The following object classes are defined in this document:

      posixAccount
      shadowAccount
      posixGroup
      ipService
      ipProtocol
      oncRpc
      ipHost
      ipNetwork
      nisNetgroup
      nisMap
      nisObject
      ieee802Device
      bootableDevice
      nisKeyObject
      nisDomainObject
      automountMap
      automount



Howard & Chu            Expires February 10, 2010               [Page 6]

Internet-Draft           LDAP NameService Schema             August 2009


   Additionally, some of the attributes defined in [RFC4519] are
   required.

















































Howard & Chu            Expires February 10, 2010               [Page 7]

Internet-Draft           LDAP NameService Schema             August 2009


3.  Attribute Definitions

   This section contains attribute definitions to be implemented by DUAs
   supporting this schema:

     ( 1.3.6.1.1.1.1.0 NAME 'uidNumber'
         DESC 'An integer uniquely identifying a user in an
               administrative domain'
         EQUALITY integerMatch
         ORDERING integerOrderingMatch
         SYNTAX 1.3.6.1.4.1.1466.115.121.1.27
         SINGLE-VALUE )


     ( 1.3.6.1.1.1.1.1 NAME 'gidNumber'
         DESC 'An integer uniquely identifying a group in an
               administrative domain'
         EQUALITY integerMatch
         ORDERING integerOrderingMatch
         SYNTAX 1.3.6.1.4.1.1466.115.121.1.27
         SINGLE-VALUE )


     ( 1.3.6.1.1.1.1.2 NAME 'gecos'
         DESC 'The GECOS field; the common name'
         EQUALITY caseIgnoreMatch
         SUBSTRINGS caseIgnoreSubstringsMatch
         SYNTAX 1.3.6.1.4.1.1466.115.121.1.15
         SINGLE-VALUE )


     ( 1.3.6.1.1.1.1.3 NAME 'homeDirectory'
         DESC 'The absolute path to the home directory'
         EQUALITY caseExactIA5Match
         SYNTAX 1.3.6.1.4.1.1466.115.121.1.26
         SINGLE-VALUE )


     ( 1.3.6.1.1.1.1.4 NAME 'loginShell'
         DESC 'The path to the login shell'
         EQUALITY caseExactIA5Match
         SYNTAX 1.3.6.1.4.1.1466.115.121.1.26
         SINGLE-VALUE )








Howard & Chu            Expires February 10, 2010               [Page 8]

Internet-Draft           LDAP NameService Schema             August 2009


     ( 1.3.6.1.1.1.1.5 NAME 'shadowLastChange'
         EQUALITY integerMatch
         ORDERING integerOrderingMatch
         SYNTAX 1.3.6.1.4.1.1466.115.121.1.27
         SINGLE-VALUE )


     ( 1.3.6.1.1.1.1.6 NAME 'shadowMin'
         EQUALITY integerMatch
         ORDERING integerOrderingMatch
         SYNTAX 1.3.6.1.4.1.1466.115.121.1.27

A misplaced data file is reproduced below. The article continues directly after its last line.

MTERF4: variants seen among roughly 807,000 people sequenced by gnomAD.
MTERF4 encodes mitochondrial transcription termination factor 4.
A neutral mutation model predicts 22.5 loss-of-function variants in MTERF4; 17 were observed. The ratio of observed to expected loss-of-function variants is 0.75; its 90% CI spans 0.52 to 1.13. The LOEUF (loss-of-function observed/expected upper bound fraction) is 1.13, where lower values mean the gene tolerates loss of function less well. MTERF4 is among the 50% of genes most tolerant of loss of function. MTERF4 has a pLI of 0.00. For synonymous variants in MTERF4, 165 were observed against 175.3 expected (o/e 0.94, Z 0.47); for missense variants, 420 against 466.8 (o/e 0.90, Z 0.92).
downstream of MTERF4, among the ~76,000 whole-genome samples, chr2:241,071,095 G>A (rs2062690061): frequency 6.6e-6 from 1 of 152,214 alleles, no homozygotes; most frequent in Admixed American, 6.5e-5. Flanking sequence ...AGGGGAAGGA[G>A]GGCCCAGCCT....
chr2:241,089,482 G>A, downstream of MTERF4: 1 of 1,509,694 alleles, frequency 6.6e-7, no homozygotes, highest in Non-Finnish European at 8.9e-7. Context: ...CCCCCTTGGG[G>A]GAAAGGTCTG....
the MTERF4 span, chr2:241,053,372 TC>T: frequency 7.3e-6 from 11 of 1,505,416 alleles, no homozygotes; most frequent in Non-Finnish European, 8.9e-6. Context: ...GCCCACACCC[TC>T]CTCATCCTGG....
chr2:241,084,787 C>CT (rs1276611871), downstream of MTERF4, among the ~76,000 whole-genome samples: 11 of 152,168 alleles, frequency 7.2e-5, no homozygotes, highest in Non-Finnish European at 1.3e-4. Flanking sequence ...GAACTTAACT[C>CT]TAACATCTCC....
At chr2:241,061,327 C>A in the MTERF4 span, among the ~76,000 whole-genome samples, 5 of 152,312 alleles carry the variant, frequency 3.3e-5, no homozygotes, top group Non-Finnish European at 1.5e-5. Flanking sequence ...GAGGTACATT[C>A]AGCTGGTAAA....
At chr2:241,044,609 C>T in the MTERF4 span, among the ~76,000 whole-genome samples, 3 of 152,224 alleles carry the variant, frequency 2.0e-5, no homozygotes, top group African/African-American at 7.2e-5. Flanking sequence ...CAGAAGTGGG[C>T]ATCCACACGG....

SINGLE-VALUE )


     ( 1.3.6.1.1.1.1.7 NAME 'shadowMax'
         EQUALITY integerMatch
         ORDERING integerOrderingMatch
         SYNTAX 1.3.6.1.4.1.1466.115.121.1.27
         SINGLE-VALUE )


     ( 1.3.6.1.1.1.1.8 NAME 'shadowWarning'
         EQUALITY integerMatch
         ORDERING integerOrderingMatch
         SYNTAX 1.3.6.1.4.1.1466.115.121.1.27
         SINGLE-VALUE )


     ( 1.3.6.1.1.1.1.9 NAME 'shadowInactive'
         EQUALITY integerMatch
         ORDERING integerOrderingMatch
         SYNTAX 1.3.6.1.4.1.1466.115.121.1.27
         SINGLE-VALUE )


     ( 1.3.6.1.1.1.1.10 NAME 'shadowExpire'
         EQUALITY integerMatch
         ORDERING integerOrderingMatch
         SYNTAX 1.3.6.1.4.1.1466.115.121.1.27
         SINGLE-VALUE )


     ( 1.3.6.1.1.1.1.11 NAME 'shadowFlag'
         EQUALITY integerMatch
         ORDERING integerOrderingMatch
         SYNTAX 1.3.6.1.4.1.1466.115.121.1.27
         SINGLE-VALUE )




Howard & Chu            Expires February 10, 2010               [Page 9]

Internet-Draft           LDAP NameService Schema             August 2009


     ( 1.3.6.1.1.1.1.12 NAME 'memberUid'
         EQUALITY caseExactMatch
         SYNTAX 1.3.6.1.4.1.1466.115.121.1.15 )


     ( 1.3.6.1.1.1.1.13 NAME 'memberNisNetgroup'
         EQUALITY caseExactMatch
         SYNTAX 1.3.6.1.4.1.1466.115.121.1.15 )


     ( 1.3.6.1.1.1.1.14 NAME 'nisNetgroupTriple'
         DESC 'Netgroup triple'
         EQUALITY caseIgnoreMatch
         SUBSTRINGS caseIgnoreSubstringsMatch
         SYNTAX 1.3.6.1.4.1.1466.115.121.1.15 )


     ( 1.3.6.1.1.1.1.15 NAME 'ipServicePort'
         DESC 'Service port number'
         EQUALITY integerMatch
         ORDERING integerOrderingMatch
         SYNTAX 1.3.6.1.4.1.1466.115.121.1.27
         SINGLE-VALUE )


     ( 1.3.6.1.1.1.1.16 NAME 'ipServiceProtocol'
         DESC 'Service protocol name'
         EQUALITY caseIgnoreMatch
         SYNTAX 1.3.6.1.4.1.1466.115.121.1.15 )


     ( 1.3.6.1.1.1.1.17 NAME 'ipProtocolNumber'
         DESC 'IP protocol number'
         EQUALITY integerMatch
         ORDERING integerOrderingMatch
         SYNTAX 1.3.6.1.4.1.1466.115.121.1.27
         SINGLE-VALUE )


     ( 1.3.6.1.1.1.1.18 NAME 'oncRpcNumber'
         DESC 'ONC RPC number'
         EQUALITY integerMatch
         ORDERING integerOrderingMatch
         SYNTAX 1.3.6.1.4.1.1466.115.121.1.27
         SINGLE-VALUE )






Howard & Chu            Expires February 10, 2010              [Page 10]

Internet-Draft           LDAP NameService Schema             August 2009


     ( 1.3.6.1.1.1.1.19 NAME 'ipHostNumber'
         DESC 'IPv4 addresses as a dotted decimal omitting leading